By Wade Corbett
It never ceases to amaze me how REALTORS® can treat each other sometimes. I recently had an experience with a buyer’s agent who could not have been more rude or bullheaded. I never like to talk poorly about anyone as it’s not my nature and I don’t think it’s very professional, but in this case, it may be necessary for today’s lesson. There are loathsome people throughout all walks of life and it’s impossible to avoid all of them. Why though, do some real estate professionals think that being difficult to work with helps anyone? Our primary duty is to provide our client with quality service in a lawful manor. After all, we wouldn’t make it too far without our clients, would we?
Recently, I sold a property that had a cracked septic system. Knowing that replacing this system would be financially impossible for my clients, I opened my bag of saved favors to ensure they would be able to sell their vacant home. I was able to convince one of my best contractors to replace the septic tank for less than cost, (yes, she actually lost money replacing it), as a massive favor for me. With breakneck speed, we obtained the appropriate permits, and the job was done in just a few days. Even so, the buyer’s agent was not impressed, and without going into any detail, was very unprofessional during the entire ordeal. The other agent actually called my favorite contractor to fuss about the pace of the work being done. Meanwhile, this agent called me horrible names and insulted my real estate abilities to my contractor!
The property did end up closing after continued scrutiny from the buying party. My sellers, a married couple who live several hours away, knew nothing of the troubles mentioned or the ugliness of the buying side. All they knew was that I was going to do everything in my power to ensure that the property sold. I ended up calling in a lot of favors and I took a significant loss on my commission. However, my hard work paid off. Since the deal closed, the sellers have referred me additional business, given me marketing space on their website—at no cost—and called me many times to thank me for all my help!
All in all, the buyer’s agent was very difficult to work with and at some point impossible to communicate with. It was clear from early on that this agent was only interested in making a commission and not on her client’s well-being. So what’s the lesson here? We should all try to be friendly and courteous to one another. There’s no reason to ever be hurtful to a fellow REALTOR®!
Have you ever had a negative experience with the other party in a real estate transaction? If so, how did you handle it?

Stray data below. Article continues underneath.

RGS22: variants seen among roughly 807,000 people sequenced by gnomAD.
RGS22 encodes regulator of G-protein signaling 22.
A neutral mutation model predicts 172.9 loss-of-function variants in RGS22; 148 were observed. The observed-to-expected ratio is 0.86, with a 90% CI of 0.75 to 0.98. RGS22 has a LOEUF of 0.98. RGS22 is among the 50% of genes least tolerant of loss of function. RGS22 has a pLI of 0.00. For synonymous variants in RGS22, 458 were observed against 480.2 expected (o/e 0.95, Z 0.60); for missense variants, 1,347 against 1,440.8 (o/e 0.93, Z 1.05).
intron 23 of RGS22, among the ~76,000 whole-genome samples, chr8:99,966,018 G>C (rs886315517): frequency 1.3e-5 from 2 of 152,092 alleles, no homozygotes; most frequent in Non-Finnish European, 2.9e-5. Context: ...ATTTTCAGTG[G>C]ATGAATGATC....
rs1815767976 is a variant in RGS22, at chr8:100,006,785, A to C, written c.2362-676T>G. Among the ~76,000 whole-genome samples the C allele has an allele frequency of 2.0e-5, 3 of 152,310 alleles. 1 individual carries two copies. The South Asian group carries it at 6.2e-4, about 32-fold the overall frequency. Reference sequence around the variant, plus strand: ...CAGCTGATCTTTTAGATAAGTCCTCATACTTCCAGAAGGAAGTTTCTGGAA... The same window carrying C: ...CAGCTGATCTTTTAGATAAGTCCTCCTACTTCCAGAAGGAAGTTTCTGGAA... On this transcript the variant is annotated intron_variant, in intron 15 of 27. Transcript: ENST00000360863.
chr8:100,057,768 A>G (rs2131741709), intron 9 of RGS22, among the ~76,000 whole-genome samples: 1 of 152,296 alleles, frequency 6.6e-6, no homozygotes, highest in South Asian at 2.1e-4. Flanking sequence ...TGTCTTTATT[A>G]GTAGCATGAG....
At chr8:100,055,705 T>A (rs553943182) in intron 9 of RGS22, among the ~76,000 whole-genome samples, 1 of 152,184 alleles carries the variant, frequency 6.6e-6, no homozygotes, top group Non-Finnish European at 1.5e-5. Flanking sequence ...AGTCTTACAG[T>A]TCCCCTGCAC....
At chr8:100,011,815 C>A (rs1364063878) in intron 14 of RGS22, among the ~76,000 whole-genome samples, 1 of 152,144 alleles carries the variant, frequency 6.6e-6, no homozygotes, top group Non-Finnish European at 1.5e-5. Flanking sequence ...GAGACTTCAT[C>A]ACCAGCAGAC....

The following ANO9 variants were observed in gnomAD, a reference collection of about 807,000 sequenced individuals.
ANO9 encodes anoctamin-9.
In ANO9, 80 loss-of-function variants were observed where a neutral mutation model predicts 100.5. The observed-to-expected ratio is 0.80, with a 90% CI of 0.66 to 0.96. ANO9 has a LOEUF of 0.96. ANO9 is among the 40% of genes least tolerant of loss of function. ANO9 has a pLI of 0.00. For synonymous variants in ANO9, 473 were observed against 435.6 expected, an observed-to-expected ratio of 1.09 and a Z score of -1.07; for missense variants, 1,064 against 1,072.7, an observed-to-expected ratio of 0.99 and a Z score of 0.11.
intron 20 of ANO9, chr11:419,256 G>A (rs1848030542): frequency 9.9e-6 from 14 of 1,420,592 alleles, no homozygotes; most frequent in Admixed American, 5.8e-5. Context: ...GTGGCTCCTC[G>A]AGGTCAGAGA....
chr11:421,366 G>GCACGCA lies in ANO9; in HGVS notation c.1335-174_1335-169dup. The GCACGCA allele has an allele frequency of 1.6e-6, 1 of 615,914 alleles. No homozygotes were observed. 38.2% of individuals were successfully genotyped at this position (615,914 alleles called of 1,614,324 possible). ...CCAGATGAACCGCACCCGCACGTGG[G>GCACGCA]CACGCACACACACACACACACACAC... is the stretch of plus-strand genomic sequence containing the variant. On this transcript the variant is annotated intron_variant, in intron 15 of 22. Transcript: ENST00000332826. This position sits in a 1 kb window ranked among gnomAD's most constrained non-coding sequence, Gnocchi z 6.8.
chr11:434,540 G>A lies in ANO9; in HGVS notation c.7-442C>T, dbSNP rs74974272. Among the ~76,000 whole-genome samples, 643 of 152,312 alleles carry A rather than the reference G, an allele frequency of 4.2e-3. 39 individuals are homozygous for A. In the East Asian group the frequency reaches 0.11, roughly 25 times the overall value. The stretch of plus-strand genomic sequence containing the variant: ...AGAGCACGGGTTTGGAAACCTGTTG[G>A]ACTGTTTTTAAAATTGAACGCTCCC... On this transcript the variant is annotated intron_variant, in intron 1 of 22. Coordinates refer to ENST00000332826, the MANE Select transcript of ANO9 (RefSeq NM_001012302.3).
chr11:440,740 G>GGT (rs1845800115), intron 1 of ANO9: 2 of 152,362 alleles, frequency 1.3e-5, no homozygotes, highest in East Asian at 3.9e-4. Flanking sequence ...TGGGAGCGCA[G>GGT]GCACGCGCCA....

By TG Gallaudet
Wait…I’m totally lying. Is there anything more painful? It’s no mystery that short sales can be really tough because of all the variables involved:
* Unclear timelines from the bank.
* Undisclosed liens.
* Back HOA expenses the bank won’t pay.
* Non-straightforward buyer.
* Inexperienced listing agent.
* Cash contributions (increasingly more and more).
* Etc., Etc., Etc…
But the hardest side to represent as an agent is the buyer’s side of a short sale because the buyer’s agent has no control of ANYTHING, and has to hope for a solid listing agent who knows what they’re doing. Right?
I just ended a painful short sale transaction where I represented the buyer that lasted 7 months and went nowhere. Granted, it wasn’t the easy one-loan in equator kinda deal, but we had absolutely no worthwhile answer from the bank after 7 months, which is totally inexcusable in 2011 as far as I’m concerned. The main problem, in my opinion, is that the listing agent saw this sale as a small income producer and pawned the negotiation responsibilities over to his part time TC. The TC had little-to-no experience with short sales, or negotiating any deals, and therefore little experience in working with banks. Because of her inexperience, I think she had little confidence in dealing with the bank and their personnel and couldn’t push back or demand results when she was entitled to do so. After being a listing agent on several short sales, I’ve come to understand that the burden of success lies heavily on the listing agent and specifically how s/he communicates to both the buyers’ agent and buyer, how she sets expectations and what answers she deems acceptable from the bank. Continue reading »